Until then I will keep giving it all I've got physically, spiritually and financially.

God Bless!
20 oz.=bad. The smaller, the better.
Personally I'd say a big no to 20oz. drinks.

But in all actuality, I guess it depends on what the coffee shop is trying to be.

Where I work at, we are trying to connect the dots and be part of the movement educating customers of the intense nuances that are involved in coffee. We are truly striving to relay the the concept that so much is involved in the coffee chain, from soil-to-bean,harvest, processing, importing, storing roasting, preparing and so on. So we want to offer the idea that when someone enjoys a beverage from our shop it is more than a caffeine fix, or a value meal with a supersize option but rather a culinary prepared beverage that offers an experience and story with every sip.

So for this reason, we don't offer a 20oz or a 16oz. We are the professionals and we passionately feel that we can stand behind a the proportions of a 12oz oz. latte w/ a double shot in it. When you move to a 16oz, you either use the same amount of espresso and drown it in milk, or you have to split a shot and not maintain the quality of a double shot. Neither of these options were we comfortable offering. We decided there were standards we wanted to uphold. Like Capps are only 6oz, Espresso and Machiattos will only be served in house with a nice presentation. For us out there trying to take coffee to the next level. For us who see people spending $8 on a micro-brew, $15 on a cocktail and over a $100 on a bottle of wine and thinking why should this not be the case with quality coffee. We need to move away from basing our decisions off of how most coffee shops are in the US are doing things and base it off of the art of the coffee. Every drink we make ought to be a piece of art and it is our responsibility to treat it that way.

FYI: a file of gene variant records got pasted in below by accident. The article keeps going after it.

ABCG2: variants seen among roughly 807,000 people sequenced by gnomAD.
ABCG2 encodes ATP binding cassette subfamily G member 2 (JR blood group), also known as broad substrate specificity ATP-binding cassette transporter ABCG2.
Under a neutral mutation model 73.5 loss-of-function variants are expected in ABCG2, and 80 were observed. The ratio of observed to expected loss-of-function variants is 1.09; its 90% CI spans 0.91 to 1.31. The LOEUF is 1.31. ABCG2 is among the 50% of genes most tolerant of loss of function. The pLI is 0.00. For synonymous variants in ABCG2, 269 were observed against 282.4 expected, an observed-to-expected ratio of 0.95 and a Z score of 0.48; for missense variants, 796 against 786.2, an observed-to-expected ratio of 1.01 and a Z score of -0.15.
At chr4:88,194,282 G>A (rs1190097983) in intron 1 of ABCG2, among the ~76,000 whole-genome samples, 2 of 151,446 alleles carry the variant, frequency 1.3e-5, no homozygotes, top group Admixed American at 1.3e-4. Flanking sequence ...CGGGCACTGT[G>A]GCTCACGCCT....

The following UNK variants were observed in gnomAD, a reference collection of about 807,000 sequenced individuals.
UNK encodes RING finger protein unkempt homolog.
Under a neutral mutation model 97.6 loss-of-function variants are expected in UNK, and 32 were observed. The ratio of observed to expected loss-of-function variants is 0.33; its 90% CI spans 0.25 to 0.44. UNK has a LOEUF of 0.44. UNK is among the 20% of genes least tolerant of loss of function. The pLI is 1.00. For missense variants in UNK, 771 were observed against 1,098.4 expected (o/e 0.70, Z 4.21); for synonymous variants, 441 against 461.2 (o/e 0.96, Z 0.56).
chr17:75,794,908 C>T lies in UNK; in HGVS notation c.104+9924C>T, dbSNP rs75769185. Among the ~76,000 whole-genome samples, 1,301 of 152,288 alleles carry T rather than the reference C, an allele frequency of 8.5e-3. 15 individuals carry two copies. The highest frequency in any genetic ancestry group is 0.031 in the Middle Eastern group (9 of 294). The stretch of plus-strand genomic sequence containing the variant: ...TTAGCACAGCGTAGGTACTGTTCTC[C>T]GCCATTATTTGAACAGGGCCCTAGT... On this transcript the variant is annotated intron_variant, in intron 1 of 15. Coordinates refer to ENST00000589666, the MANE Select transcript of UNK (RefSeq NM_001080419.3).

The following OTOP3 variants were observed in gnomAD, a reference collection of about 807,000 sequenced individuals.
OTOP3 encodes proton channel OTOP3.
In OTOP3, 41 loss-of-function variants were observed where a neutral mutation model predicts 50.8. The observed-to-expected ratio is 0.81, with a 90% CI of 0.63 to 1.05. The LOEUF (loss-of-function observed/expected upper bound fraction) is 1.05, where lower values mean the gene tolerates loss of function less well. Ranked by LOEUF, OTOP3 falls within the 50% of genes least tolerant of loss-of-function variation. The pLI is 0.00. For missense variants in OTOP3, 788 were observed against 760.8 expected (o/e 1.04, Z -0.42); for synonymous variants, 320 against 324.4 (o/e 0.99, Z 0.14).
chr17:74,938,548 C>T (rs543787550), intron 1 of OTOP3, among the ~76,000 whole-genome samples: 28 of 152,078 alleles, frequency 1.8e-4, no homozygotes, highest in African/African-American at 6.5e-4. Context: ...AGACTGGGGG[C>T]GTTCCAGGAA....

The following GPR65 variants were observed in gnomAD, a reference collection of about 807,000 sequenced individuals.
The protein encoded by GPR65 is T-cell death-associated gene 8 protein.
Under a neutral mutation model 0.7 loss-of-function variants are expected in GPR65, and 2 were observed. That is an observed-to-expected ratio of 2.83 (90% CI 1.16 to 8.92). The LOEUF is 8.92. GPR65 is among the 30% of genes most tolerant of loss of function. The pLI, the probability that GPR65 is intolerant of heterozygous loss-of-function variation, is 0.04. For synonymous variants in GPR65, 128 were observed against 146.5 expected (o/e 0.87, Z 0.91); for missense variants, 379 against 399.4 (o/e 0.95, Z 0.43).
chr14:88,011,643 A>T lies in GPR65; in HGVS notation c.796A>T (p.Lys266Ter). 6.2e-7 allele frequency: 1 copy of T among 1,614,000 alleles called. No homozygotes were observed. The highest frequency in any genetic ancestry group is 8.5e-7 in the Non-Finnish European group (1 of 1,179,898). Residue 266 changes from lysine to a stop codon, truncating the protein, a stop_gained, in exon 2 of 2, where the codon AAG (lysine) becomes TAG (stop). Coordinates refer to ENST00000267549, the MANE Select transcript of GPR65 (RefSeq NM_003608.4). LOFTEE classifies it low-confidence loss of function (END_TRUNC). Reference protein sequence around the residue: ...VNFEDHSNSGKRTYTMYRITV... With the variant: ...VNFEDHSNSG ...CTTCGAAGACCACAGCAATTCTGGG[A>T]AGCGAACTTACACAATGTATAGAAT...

Now, if the particular shop wants to simply serve coffee, make money and give the customers what they want. Sure, go ahead I say.